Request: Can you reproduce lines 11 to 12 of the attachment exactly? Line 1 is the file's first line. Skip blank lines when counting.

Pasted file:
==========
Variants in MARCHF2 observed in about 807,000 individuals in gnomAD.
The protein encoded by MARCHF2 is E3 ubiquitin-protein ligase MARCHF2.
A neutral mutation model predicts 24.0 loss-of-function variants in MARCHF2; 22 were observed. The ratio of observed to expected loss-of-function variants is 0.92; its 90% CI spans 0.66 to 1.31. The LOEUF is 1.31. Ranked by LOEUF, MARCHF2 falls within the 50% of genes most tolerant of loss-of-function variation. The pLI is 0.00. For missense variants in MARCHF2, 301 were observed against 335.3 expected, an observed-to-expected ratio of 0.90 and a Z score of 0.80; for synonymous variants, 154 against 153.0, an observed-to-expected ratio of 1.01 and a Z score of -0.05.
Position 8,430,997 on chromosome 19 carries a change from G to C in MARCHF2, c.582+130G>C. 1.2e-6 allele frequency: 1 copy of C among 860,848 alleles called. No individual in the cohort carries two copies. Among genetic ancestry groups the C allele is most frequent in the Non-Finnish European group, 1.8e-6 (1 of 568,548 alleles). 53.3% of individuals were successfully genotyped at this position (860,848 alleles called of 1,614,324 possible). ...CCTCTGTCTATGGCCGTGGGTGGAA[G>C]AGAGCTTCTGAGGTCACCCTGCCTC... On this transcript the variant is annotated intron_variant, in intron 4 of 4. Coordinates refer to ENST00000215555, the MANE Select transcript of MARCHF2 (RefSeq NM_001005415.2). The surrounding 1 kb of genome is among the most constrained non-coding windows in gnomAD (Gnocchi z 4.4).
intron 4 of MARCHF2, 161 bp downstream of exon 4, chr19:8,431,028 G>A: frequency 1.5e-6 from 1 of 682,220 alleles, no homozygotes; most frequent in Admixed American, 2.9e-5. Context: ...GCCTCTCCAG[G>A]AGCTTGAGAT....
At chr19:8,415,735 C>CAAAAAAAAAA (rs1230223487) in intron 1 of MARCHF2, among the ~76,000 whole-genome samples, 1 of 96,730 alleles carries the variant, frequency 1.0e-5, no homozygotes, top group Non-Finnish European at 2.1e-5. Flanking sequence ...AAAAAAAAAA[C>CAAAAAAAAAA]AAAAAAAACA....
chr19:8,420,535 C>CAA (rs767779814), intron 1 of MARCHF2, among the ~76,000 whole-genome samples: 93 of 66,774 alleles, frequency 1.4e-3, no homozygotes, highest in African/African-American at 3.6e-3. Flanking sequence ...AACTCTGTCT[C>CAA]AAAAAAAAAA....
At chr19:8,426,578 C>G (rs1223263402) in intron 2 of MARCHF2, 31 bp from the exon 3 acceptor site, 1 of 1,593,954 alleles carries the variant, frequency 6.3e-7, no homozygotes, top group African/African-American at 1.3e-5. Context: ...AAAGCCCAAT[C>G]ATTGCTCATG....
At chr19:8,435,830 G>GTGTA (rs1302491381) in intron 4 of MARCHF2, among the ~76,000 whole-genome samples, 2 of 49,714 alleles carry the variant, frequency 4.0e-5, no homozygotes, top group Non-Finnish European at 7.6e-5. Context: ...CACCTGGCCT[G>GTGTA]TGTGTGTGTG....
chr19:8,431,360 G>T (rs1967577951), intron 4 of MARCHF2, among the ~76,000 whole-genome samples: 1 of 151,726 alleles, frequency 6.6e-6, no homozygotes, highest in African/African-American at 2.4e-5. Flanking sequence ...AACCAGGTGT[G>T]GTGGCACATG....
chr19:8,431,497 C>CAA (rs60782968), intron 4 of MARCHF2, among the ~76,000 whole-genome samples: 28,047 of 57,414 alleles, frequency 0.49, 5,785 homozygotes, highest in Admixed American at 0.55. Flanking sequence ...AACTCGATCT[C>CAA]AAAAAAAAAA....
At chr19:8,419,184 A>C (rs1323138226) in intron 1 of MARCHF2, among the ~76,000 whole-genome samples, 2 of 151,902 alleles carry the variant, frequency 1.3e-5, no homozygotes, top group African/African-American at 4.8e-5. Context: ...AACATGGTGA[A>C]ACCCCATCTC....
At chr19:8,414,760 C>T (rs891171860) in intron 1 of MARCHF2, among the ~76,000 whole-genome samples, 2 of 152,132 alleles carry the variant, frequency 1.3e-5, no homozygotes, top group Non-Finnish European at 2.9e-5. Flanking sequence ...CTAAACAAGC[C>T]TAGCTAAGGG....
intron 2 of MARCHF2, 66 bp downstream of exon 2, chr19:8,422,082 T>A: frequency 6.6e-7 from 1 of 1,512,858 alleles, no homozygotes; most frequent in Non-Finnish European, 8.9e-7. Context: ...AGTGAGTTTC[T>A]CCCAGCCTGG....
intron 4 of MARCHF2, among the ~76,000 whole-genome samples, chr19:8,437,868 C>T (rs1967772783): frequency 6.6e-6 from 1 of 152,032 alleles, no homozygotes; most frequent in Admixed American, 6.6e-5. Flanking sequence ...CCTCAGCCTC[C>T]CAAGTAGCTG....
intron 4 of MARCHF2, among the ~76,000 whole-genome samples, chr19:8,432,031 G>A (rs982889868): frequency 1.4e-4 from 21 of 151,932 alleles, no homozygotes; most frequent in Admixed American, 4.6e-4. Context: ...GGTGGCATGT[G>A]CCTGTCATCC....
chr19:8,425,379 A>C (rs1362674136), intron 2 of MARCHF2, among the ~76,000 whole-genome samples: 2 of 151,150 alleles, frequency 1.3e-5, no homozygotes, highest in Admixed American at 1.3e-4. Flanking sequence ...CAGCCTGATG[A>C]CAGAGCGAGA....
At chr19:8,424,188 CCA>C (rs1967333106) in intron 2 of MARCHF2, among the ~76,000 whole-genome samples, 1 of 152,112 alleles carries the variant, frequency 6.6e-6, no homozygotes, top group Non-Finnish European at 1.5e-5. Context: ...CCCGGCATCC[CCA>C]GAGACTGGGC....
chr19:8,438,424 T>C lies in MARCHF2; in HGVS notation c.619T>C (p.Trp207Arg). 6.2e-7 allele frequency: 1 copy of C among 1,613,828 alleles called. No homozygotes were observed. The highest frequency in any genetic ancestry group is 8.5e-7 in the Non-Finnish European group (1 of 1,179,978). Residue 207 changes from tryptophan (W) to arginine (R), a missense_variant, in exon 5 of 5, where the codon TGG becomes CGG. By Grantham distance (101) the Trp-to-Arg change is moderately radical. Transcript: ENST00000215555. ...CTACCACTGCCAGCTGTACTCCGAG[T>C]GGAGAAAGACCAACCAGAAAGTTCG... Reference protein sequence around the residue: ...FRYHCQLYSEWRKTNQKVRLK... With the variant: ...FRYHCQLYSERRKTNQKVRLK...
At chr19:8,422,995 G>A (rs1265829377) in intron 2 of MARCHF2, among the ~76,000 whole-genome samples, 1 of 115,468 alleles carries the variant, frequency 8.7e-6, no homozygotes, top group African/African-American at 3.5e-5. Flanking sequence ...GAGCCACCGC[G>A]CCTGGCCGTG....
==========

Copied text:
chr19:8,431,497 C>CAA (rs60782968), intron 4 of MARCHF2, among the ~76,000 whole-genome samples: 28,047 of 57,414 alleles, frequency 0.49, 5,785 homozygotes, highest in Admixed American at 0.55. Flanking sequence ...AACTCGATCT[C>CAA]AAAAAAAAAA....
At chr19:8,419,184 A>C (rs1323138226) in intron 1 of MARCHF2, among the ~76,000 whole-genome samples, 2 of 151,902 alleles carry the variant, frequency 1.3e-5, no homozygotes, top group African/African-American at 4.8e-5. Context: ...AACATGGTGA[A>C]ACCCCATCTC....